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Famous is Not Synonymous With Great.

Updated on March 23, 2012

The Question Made Me Think

The question that was asked, as to the 10 most famous paintings in the world, made me really think about that. I came to the conclusion that no one has the correct answer--even the experts disagreed. It reminded me of something that I had concluded many years ago, and that was that the world's most famous were not the same as the world's greatest. Years ago, when I did an art tour of Europe, I was able to visit some of the truly great galleries and view some of the works of art from the greatest artists of the past. I was able to see the Mona Lisa up close, before she was hidden behind layers of glass for her protection. I stood before the crumbling Last Supper and was touched by its beauty. I was amazed to view Rembrandt's Night Watch up close and see how fluid his brush strokes appeared and how almost impressionistic they were. When I visited the Sistine Chapel, with the great ceiling paintings by Michelangelo, I was stunned by the love and devotion he must have had to paint such a masterpiece on his back. But his greatest works, I believe, were his sculptures. Not the famous David, or the perfect Pieta --but the later works that he never finished ( or did he mean them to be that way?) When I saw his sculptures of the slaves --as if they were pulling themselves from the stone they were carved from and then the last Pieta of Christ in his mother's arms--roughly carved but full of the passion that she must of felt--I stood there and wept. Of all the finished and famous works of art by this great master, Michelangelo, these were by far the most powerful to me. I was only 16 years old, and not very well versed in my studies of art yet, but I could not help but feel the great emotion that the artist had portrayed through these magnificent "unfinished sculptures."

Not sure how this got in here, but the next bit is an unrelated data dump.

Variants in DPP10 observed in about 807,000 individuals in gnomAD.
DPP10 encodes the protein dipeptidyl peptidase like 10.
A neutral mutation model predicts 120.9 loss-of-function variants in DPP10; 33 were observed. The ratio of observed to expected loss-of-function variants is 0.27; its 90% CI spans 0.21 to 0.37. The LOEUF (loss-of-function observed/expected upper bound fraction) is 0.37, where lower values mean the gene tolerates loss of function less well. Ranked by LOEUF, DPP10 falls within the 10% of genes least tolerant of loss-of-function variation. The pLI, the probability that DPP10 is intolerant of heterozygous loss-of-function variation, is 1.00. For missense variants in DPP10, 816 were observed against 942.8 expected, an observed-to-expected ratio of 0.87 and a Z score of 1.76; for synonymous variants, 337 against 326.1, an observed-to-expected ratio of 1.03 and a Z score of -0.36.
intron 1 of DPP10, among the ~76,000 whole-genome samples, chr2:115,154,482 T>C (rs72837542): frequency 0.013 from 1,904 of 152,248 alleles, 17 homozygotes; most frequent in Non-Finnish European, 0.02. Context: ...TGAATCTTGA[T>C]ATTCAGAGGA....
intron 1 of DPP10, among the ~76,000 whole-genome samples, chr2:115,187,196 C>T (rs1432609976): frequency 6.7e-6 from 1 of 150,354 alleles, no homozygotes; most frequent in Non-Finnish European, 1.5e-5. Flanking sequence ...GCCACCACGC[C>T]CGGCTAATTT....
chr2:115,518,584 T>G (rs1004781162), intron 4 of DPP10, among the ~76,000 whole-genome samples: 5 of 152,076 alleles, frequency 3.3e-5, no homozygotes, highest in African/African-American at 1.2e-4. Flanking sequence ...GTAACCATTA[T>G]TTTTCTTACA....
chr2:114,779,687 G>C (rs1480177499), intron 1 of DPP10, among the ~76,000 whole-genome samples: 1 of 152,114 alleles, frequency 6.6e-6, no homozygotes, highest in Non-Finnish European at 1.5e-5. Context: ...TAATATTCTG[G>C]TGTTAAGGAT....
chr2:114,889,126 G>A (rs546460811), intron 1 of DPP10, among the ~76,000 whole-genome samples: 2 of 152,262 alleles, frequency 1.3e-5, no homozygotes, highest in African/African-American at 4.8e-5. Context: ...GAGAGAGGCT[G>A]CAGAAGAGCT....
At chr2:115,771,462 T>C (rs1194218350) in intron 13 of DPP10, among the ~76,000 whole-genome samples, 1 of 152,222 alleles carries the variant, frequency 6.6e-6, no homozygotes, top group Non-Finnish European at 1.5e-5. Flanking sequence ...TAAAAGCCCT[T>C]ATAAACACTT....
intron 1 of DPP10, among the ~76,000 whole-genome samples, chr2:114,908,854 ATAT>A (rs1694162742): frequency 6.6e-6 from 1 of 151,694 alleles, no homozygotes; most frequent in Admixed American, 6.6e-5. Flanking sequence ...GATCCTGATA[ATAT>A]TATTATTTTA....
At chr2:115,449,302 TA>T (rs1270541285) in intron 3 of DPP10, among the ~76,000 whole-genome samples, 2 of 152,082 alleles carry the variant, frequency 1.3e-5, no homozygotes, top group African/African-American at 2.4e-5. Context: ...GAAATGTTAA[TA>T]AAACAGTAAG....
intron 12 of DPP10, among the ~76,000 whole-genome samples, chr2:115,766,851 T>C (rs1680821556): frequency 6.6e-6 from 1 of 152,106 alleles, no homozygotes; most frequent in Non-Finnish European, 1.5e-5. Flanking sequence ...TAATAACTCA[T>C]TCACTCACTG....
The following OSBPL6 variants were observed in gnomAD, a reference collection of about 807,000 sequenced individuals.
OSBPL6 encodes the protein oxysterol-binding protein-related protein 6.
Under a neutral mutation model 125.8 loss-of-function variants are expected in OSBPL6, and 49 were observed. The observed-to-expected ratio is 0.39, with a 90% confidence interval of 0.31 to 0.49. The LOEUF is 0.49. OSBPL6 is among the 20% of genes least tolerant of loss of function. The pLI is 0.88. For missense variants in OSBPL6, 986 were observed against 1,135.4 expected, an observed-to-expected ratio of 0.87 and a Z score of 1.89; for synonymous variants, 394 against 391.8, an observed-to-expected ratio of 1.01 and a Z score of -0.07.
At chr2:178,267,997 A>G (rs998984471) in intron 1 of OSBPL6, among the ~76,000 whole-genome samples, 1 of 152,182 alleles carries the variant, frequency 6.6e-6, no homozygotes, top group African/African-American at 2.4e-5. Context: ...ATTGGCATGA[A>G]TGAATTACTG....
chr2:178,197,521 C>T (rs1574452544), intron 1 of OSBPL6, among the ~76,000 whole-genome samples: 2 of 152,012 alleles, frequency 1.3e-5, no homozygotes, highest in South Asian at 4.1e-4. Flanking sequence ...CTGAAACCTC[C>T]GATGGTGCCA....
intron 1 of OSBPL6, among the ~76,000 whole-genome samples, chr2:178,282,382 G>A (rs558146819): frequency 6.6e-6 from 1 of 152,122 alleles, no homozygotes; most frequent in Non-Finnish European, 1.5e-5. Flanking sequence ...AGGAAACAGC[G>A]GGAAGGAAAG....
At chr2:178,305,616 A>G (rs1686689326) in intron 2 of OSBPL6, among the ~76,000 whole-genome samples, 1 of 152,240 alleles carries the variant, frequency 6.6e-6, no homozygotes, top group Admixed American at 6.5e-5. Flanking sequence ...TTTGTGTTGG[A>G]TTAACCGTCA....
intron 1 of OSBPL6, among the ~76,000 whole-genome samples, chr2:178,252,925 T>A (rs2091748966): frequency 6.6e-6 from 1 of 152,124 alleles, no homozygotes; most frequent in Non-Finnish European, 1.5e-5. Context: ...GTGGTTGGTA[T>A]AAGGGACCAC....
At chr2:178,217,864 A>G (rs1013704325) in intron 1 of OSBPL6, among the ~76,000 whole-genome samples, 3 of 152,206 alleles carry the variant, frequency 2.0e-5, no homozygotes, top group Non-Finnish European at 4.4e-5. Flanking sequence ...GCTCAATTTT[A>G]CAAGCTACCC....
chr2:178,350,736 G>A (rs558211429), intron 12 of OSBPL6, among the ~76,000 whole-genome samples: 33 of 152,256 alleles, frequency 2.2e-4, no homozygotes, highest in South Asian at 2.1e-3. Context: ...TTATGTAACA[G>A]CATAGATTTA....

The Mona Lisa by Leonardo Da Vinci
The Mona Lisa by Leonardo Da Vinci | Source

So What Is Great Art?

There have been many artists in our history that have been wonderful perfectionists. The German artists were known for their great attention to detail, and many of the Italian artists were masters of the perfect figure. But, some of the truly "greats" so to speak, were not the ones that used the perfect techniques or masters of realism. I feel, and this is just my opinion, that the "greats" were the ones that somehow communicated their passion through their art---so that somehow we observers were touched by their message --either through their paintings or sculptures. Is it possible to communicate these powerful feeling through art? I believe it is. Van Gogh certainly succeeded to touch many with his powerful Starry Night, and Renoir was not the greatest perfectionist as an artist, but you cannot help but feel his passion for the people he painted when you look at his creations. This is true of Goya also, and Cezanne and Monet and Dali and the Diego Riveras of the world. They say that "beauty is in the eye of the beholder"--- lets add---"and in the heart of the artist."


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